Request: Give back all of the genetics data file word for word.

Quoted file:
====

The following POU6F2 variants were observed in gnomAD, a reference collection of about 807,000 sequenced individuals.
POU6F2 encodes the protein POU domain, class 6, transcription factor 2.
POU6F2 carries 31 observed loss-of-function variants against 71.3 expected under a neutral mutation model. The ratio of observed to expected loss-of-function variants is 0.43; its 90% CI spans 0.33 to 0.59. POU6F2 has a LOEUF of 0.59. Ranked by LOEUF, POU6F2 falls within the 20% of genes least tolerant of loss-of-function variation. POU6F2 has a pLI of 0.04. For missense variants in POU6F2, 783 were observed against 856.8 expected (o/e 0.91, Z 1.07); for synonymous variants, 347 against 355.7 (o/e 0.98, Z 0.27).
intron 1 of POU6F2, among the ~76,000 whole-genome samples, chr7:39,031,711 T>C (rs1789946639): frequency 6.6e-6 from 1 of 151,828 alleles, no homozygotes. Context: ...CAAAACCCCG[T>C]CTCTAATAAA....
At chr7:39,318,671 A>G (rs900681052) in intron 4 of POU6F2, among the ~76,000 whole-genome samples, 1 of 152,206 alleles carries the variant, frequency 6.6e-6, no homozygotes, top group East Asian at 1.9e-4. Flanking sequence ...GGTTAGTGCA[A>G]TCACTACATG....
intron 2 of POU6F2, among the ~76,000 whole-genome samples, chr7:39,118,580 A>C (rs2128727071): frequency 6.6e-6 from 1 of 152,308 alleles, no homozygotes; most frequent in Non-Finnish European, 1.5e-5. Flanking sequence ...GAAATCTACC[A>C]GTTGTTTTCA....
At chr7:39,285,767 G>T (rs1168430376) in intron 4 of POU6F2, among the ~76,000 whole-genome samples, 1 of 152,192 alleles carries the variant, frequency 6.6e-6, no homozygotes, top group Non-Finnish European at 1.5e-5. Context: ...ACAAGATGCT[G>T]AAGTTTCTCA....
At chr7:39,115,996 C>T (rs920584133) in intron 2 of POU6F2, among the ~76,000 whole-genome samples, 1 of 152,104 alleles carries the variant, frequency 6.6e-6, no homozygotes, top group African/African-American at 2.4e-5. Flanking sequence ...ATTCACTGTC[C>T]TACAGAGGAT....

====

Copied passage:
The following POU6F2 variants were observed in gnomAD, a reference collection of about 807,000 sequenced individuals.
POU6F2 encodes the protein POU domain, class 6, transcription factor 2.
POU6F2 carries 31 observed loss-of-function variants against 71.3 expected under a neutral mutation model. The ratio of observed to expected loss-of-function variants is 0.43; its 90% CI spans 0.33 to 0.59. POU6F2 has a LOEUF of 0.59. Ranked by LOEUF, POU6F2 falls within the 20% of genes least tolerant of loss-of-function variation. POU6F2 has a pLI of 0.04. For missense variants in POU6F2, 783 were observed against 856.8 expected (o/e 0.91, Z 1.07); for synonymous variants, 347 against 355.7 (o/e 0.98, Z 0.27).
intron 1 of POU6F2, among the ~76,000 whole-genome samples, chr7:39,031,711 T>C (rs1789946639): frequency 6.6e-6 from 1 of 151,828 alleles, no homozygotes. Context: ...CAAAACCCCG[T>C]CTCTAATAAA....
At chr7:39,318,671 A>G (rs900681052) in intron 4 of POU6F2, among the ~76,000 whole-genome samples, 1 of 152,206 alleles carries the variant, frequency 6.6e-6, no homozygotes, top group East Asian at 1.9e-4. Flanking sequence ...GGTTAGTGCA[A>G]TCACTACATG....
intron 2 of POU6F2, among the ~76,000 whole-genome samples, chr7:39,118,580 A>C (rs2128727071): frequency 6.6e-6 from 1 of 152,308 alleles, no homozygotes; most frequent in Non-Finnish European, 1.5e-5. Flanking sequence ...GAAATCTACC[A>C]GTTGTTTTCA....
At chr7:39,285,767 G>T (rs1168430376) in intron 4 of POU6F2, among the ~76,000 whole-genome samples, 1 of 152,192 alleles carries the variant, frequency 6.6e-6, no homozygotes, top group Non-Finnish European at 1.5e-5. Context: ...ACAAGATGCT[G>T]AAGTTTCTCA....
At chr7:39,115,996 C>T (rs920584133) in intron 2 of POU6F2, among the ~76,000 whole-genome samples, 1 of 152,104 alleles carries the variant, frequency 6.6e-6, no homozygotes, top group African/African-American at 2.4e-5. Flanking sequence ...ATTCACTGTC[C>T]TACAGAGGAT....